You are on page 1of 244

ADVENTURE

GAMEWRITERS
HANDBOOK FOR
COMMODORE

A DATA BECKER BOOK BY J. Walkowiak


YOU CAN COUNT ON
ADVENTURE GAMEWRITER'S
HANDBOOK

By J. Walkowiak

A DATA BECKER BOOK

Published by:
mm You Cm Count On |jjJnf5JSl £* £M^ mrm.-**^
Abacus luaul bottware
commands, technical instructions, and programs contained
in this book have been carefully worked on by the authors,
I.e., written and run under careful supervision. However,
mistakes in printing are not totally impossible; beyond
that, ABACUS Software can neither guarantee nor be held
legally responsible for the reader's not adhering to the
text which follows, or far faulty instructions received.
The authors will always appreciate receiving notice of
subsequent mistakes.

First English Edition, March 19B5


Printed in U.S.A. Edited by Jim D'Haem and Russ Taber
Copyright CC3 19B4 DATA BECKER GmbH
herawingerstr. 30
4000 Dusseldorf, West Germany
Copyright CC3 1985 Abacus Software, Inc.
P.O. Box 7S11
Grand Rapids, MI 49510

This book is copyrighted. No part of this book may be


reproduced, stored in a retrieval system, or transmitted in
any form or by any means, electronic, mechanical, photo
copying, recording, or otherwise without the prior written
of ABACUS Software or Data Becker, GmbH.

ISBN 0-916439-14-3
Table of Contents

1. Introduction 1
1.1 Adventures today 2
1.2 History and development 6

S. The Concept 11
2. 1 Preparing the adventure 11
S .S The standard functions 16

2.3 Your first steps to your adventure .18

2.3.1 Spaces 18
2.3.2 Objects. . . . 13
5.3.3 Inputs BO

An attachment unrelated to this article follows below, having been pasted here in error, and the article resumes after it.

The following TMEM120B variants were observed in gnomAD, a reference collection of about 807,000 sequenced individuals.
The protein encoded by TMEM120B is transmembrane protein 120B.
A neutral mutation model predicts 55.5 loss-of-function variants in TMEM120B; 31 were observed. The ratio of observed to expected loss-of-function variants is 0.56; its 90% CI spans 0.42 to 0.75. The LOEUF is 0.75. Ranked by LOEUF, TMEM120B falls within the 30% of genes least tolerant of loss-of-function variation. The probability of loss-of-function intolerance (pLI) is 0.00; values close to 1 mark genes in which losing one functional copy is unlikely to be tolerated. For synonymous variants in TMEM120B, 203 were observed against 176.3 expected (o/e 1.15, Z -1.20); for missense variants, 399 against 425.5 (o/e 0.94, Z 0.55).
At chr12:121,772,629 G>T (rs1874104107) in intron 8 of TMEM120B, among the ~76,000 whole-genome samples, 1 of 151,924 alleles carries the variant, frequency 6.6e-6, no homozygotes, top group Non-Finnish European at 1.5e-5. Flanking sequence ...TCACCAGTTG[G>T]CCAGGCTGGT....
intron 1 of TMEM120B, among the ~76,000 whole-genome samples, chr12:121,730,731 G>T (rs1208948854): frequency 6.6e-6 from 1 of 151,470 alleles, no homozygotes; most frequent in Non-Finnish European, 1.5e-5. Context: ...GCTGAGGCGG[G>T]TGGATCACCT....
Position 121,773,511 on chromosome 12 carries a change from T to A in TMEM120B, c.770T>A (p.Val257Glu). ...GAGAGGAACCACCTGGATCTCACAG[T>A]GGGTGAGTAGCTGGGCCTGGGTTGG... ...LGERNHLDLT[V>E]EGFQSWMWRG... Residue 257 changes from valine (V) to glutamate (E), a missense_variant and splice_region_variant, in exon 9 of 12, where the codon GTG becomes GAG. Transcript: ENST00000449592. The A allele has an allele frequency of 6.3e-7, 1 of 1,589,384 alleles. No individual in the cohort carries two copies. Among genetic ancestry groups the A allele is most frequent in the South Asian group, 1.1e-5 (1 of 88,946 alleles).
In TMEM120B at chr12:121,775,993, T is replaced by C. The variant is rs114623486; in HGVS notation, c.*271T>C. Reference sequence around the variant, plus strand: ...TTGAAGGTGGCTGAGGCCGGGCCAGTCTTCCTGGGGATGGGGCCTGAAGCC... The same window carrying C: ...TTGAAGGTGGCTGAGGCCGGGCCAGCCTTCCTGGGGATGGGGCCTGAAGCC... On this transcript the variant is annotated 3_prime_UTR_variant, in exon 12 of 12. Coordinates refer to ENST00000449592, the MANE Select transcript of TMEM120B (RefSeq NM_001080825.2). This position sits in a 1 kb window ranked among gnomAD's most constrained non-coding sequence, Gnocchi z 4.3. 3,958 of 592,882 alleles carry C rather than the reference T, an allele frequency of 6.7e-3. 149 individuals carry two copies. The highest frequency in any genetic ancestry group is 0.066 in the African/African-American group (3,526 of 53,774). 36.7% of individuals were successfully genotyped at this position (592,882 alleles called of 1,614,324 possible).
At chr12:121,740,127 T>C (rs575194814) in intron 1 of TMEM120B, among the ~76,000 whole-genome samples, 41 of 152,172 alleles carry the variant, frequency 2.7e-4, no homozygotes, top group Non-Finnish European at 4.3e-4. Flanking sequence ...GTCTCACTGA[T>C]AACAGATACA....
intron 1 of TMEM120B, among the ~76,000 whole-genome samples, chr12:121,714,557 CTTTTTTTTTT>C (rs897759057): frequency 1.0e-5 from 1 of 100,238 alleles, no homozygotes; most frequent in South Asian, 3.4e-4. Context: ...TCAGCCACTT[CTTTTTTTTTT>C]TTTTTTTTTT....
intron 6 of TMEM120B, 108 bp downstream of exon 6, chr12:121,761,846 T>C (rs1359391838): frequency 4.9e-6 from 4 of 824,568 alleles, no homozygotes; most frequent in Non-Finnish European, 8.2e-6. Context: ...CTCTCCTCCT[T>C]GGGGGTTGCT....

2.3.4 Messages. 20
2.4 The idea of the game 21

3. Programming Your Adventure 23


3.1 Forming the world! 23

3.1.1 The MAP 23


3.2 Uariables and fields 27

3.3 READ & DATA 32


3.4 Formatting the output 39
3.5 Dbjects CGold, SilvBr and othBr usBful things}...43

3.6 GOLD FEUER: The plot 44

3.7 Analysis of the inputs 52


3.7.1 String manipulation 53

3.8 Summary: Program structure 56


3.9 When can actions be performed 5B
3.10 The conditions 64
3.11 The actions 67
3.IS Programming the execution of a command 63
3. IS. 1 Action: Examine 69

3.1S.S Action: Take 74

3. IS. 3 Action: Discard 76

15IS.4 Action: Open 77

3.13 Summary 78

3.14 The last steps 60


3.14.1 Inventory 60

3.14.5 The titles 61

3.14 Information on the program listing 87

4. From the good to the perfect adventure. 99


4.1 UsBr friendliness 100
4.S Save Game / Load Game 101
4.5.1 Externat data storage 105
4. S. S Save game 103

4.3 The vocabulary HO


4.3.1 Synonyms 111

4.4 Help us

4.5 The player's motivation. . . . . 123


4.6 Finding one's bearings or losing one's bearings.131
4.6.1 Conges of place 135

4.6.5 Hidden entrances 138


4.7 Limitations and counters , , 141
4.B Available light 143
4.9 Incidents 149